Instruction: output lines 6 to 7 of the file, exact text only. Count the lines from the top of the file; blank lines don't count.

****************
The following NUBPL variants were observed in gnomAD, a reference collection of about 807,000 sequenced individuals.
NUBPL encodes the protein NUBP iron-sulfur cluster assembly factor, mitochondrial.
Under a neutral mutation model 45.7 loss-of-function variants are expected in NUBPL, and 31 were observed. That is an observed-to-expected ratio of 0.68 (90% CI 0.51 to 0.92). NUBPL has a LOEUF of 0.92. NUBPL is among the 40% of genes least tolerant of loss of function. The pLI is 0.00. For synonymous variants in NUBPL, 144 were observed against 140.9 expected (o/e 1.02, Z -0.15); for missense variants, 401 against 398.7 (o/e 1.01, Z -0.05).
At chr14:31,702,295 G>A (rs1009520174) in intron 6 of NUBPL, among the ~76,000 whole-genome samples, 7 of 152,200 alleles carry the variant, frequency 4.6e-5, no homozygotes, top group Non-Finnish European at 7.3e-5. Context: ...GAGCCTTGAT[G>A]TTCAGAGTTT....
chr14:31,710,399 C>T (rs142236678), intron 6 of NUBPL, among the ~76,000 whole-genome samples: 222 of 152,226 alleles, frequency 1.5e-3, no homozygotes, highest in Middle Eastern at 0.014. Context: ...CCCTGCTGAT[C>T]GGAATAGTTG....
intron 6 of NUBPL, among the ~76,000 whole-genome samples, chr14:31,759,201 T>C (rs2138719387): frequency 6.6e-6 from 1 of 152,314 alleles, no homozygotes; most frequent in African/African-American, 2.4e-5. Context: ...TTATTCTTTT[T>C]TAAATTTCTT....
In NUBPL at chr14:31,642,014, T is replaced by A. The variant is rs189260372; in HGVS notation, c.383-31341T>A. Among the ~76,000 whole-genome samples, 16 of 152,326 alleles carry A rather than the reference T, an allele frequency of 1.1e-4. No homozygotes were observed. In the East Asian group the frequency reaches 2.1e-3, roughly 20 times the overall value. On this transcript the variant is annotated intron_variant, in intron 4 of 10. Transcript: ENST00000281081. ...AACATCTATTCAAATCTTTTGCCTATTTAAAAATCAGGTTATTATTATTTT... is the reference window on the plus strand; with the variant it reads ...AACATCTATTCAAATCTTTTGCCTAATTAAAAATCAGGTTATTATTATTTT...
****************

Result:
intron 6 of NUBPL, among the ~76,000 whole-genome samples, chr14:31,759,201 T>C (rs2138719387): frequency 6.6e-6 from 1 of 152,314 alleles, no homozygotes; most frequent in African/African-American, 2.4e-5. Context: ...TTATTCTTTT[T>C]TAAATTTCTT....
In NUBPL at chr14:31,642,014, T is replaced by A. The variant is rs189260372; in HGVS notation, c.383-31341T>A. Among the ~76,000 whole-genome samples, 16 of 152,326 alleles carry A rather than the reference T, an allele frequency of 1.1e-4. No homozygotes were observed. In the East Asian group the frequency reaches 2.1e-3, roughly 20 times the overall value. On this transcript the variant is annotated intron_variant, in intron 4 of 10. Transcript: ENST00000281081. ...AACATCTATTCAAATCTTTTGCCTATTTAAAAATCAGGTTATTATTATTTT... is the reference window on the plus strand; with the variant it reads ...AACATCTATTCAAATCTTTTGCCTAATTAAAAATCAGGTTATTATTATTTT...